The state and cost of Nigerias rail and road infrastructure
We are often reminded that the Nigerian economy is stagnating. At the route of the crumbling state of Nigerian economy is the dilapidated state of the national infrastructure. The purpose of this short write-up is to explore the state of rail and road infrastructure in Nigeria. Infrastructure is defined by Oxford dictionary as: “The basic physical and organizational structures (e.g. buildings, roads, power supplies) needed for the operation of a society or enterprise”.
Put simply, it is the vital services and facilities that power the national economy and the technical structures that support a society, such as:
- Water supply,
- Power grids,
- Schools and Universities
It is these infrastructures that make great nations of Europe and America to standout both in terms of a strong national economy, high business productivity and high standards of living of the peoples. Democracy is incomplete without these technical structures. Perhaps, now you can begin to understand the origins of our crumbling economy and the quality of life of average Nigerians.
With a total network of about 193,000 kilometres, Nigeria road sector carries more than 90% of domestic passengers and freight. "There are only eight dual carriage ways that link Kano – Kaduna – Zuba – Abuja, the short dual carriage way within Ajaokuta axis across river Benue linking Kogi east in Kogi state, the Enugu – Umuahia – Aba – Port-Harcourt dual carriage way, the Benin – Ore – Ijebu – Sagamu interchange dual carriage way, the Lagos – Ibadan dual carriageway, another short dual carriage way that linked Ibadan – Ife axis – Ijesa and the two under construction that links Kano – Azare – Potiskum – Damaturu – Maiduguri and Abuja – Abaji – Koton Karfe – Lokoja dual carriage ways” (El-Ghude, Daily Trust). Most of these roads are almost impassable, particularly during the rainy and erosion season. The consequences are before us in the form of long hours of traffic jam, accidents and high casualties, armed robbery attacks, high transportation costs, and skyrocketing foodstuff prices.
In the past eight years about N500bn had been expended on the rehabilitation of about 3,500kms of the 34,120kms federal road network, yet "the state of the roads did not only constitute a danger to commuters, but had also become a death trap to people’s lives and goods. The issue is that some of the money that is yearly budgeted for roads is being diverted to private pockets” (Alhaji Lawal Isa, Association of Road Transport Owners, Punch, May 6, 2009). The African Development Bank (ADB), estimates the vehicle operating and road accidents costs of deplorable level of Nigerian highways to be in the range of N80 billion ($570 million) per annum (allAfrica.com). What is disturbing is the fact that the Nigerian government has the means but not the political will to invest in vital road infrastructure. It is this unexplainable state of affairs that prompted Mrs Clinton to lament:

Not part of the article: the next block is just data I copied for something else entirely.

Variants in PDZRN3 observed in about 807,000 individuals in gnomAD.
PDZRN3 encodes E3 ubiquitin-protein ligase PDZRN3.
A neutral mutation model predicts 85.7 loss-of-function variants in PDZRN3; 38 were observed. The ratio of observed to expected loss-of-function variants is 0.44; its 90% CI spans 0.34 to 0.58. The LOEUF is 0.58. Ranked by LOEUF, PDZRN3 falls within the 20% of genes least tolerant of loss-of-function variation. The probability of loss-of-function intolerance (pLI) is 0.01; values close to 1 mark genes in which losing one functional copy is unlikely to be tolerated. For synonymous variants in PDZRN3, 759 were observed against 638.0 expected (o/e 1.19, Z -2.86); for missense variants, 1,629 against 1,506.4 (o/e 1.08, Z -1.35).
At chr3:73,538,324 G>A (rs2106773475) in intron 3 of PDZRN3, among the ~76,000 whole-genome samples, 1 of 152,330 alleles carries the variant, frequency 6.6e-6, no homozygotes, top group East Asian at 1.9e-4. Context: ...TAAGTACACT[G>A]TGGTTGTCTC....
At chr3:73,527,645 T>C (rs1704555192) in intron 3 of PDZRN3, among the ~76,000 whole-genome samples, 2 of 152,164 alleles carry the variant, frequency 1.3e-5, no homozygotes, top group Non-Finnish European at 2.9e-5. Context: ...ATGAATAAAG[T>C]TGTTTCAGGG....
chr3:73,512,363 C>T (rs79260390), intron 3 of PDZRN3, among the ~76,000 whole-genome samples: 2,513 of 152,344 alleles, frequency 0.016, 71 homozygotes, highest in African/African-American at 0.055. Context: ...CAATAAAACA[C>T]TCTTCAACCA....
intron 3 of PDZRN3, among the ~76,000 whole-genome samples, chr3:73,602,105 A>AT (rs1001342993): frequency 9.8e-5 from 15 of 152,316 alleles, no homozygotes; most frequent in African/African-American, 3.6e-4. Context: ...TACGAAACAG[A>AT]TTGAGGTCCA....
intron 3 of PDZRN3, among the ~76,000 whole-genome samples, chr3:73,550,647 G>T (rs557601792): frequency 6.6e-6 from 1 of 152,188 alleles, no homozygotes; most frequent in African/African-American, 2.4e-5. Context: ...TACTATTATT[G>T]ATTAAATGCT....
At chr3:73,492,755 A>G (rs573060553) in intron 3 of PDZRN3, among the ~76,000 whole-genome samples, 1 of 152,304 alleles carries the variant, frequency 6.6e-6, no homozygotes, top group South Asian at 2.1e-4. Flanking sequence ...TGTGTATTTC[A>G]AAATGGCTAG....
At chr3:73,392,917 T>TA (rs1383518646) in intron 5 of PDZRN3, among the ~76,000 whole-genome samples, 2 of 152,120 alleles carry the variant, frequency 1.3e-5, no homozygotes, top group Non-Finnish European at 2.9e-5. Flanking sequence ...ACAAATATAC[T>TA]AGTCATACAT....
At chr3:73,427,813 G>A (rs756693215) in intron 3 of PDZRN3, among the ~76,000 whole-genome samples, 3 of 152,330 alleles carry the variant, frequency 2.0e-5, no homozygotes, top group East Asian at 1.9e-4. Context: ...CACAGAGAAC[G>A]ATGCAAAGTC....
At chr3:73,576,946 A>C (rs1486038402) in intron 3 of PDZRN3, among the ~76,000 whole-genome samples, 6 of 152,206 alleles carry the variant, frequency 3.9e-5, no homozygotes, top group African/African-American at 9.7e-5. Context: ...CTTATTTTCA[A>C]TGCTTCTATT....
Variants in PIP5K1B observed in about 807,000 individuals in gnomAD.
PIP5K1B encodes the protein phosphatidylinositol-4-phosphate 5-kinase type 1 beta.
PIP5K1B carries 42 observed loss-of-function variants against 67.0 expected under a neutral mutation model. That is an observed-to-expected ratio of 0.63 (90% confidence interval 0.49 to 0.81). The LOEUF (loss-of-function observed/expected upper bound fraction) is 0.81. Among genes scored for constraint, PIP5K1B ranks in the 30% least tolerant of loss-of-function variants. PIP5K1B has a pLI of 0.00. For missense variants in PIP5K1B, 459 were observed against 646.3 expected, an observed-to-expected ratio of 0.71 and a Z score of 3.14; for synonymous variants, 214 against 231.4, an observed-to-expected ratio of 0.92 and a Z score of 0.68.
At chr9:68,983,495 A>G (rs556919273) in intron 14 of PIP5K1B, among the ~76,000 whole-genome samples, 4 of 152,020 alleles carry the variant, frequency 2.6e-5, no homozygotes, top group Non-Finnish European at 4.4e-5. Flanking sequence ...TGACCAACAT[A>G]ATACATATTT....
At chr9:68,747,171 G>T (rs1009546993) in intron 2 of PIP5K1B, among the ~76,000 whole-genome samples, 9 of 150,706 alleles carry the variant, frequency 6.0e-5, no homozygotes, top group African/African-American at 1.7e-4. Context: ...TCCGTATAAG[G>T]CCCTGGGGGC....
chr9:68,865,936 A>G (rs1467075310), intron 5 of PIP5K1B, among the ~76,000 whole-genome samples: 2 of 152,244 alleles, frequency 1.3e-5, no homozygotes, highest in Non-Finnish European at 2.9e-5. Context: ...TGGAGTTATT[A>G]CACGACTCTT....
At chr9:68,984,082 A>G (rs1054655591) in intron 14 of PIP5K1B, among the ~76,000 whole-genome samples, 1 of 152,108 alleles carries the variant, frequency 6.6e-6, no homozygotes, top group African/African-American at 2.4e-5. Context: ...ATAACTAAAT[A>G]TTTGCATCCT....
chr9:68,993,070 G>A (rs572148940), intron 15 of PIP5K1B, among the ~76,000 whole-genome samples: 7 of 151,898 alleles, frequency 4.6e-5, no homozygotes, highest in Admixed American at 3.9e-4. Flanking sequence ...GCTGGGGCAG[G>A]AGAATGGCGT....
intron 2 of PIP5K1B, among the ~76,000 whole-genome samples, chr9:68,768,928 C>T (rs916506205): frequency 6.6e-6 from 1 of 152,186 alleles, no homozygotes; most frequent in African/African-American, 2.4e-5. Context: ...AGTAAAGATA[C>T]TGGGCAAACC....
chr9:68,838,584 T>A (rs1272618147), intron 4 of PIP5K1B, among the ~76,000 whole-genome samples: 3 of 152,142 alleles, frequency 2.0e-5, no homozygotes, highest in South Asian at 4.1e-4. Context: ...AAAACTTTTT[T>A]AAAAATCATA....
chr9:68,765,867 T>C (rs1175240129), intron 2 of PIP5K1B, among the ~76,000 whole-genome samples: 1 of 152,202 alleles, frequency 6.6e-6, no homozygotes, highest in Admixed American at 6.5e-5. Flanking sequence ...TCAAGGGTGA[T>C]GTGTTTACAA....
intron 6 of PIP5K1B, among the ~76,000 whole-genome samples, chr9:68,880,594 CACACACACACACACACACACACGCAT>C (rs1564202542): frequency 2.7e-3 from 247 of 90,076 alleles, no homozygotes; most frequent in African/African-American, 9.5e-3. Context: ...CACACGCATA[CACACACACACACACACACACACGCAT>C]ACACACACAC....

” The corruption is unbelievable,….. The failure of the Nigerian leadership over many years to respond to the legitimate needs of their own young people, to have a government that promoted a meritocracy, that really understood that democracy can’t just be given lip service, it has to be delivering services to the people, has meant there is a lot of alienation in that country and others.”
Nigeria’s strategic location and size result in four routes of the Trans-African Highway network using its national road system:
- The Trans-Sahara Highway to Algeria which is almost complete.
- The Trans-Sahelian Highway to Dakar is substantially complete.
- The Trans-West African Coastal Highway starts in Nigeria, connecting it westwards to Benin, Togo, Ghana and Cote d’Ivoire with feeder highways to landlocked Burkina Faso and Mali. When construction in Liberia and Sierra Leone is finished, the highway will continue to seven other ECOWAS nations further west.
- The Lagos-Mombasa Highway is very much awaited to link caters Cameroon and there is the hope for a continuing highway to Central Africa and Southern Africa which could boost trade within the continent.
“Recent projects that have been announced include the reconstruction and modernisation of the Lagos-Ibadan Expressway in a 25-year concession under a public-private partnership scheme. The project, approved in 2009, will reportedly cost more than NGN89 billion (USD600 million). In May 2009, the government also announced expansion plans for Abuja highways – with contracts awarded for the rehabilitation and construction of 34 federal highways” (http://www.janes.com).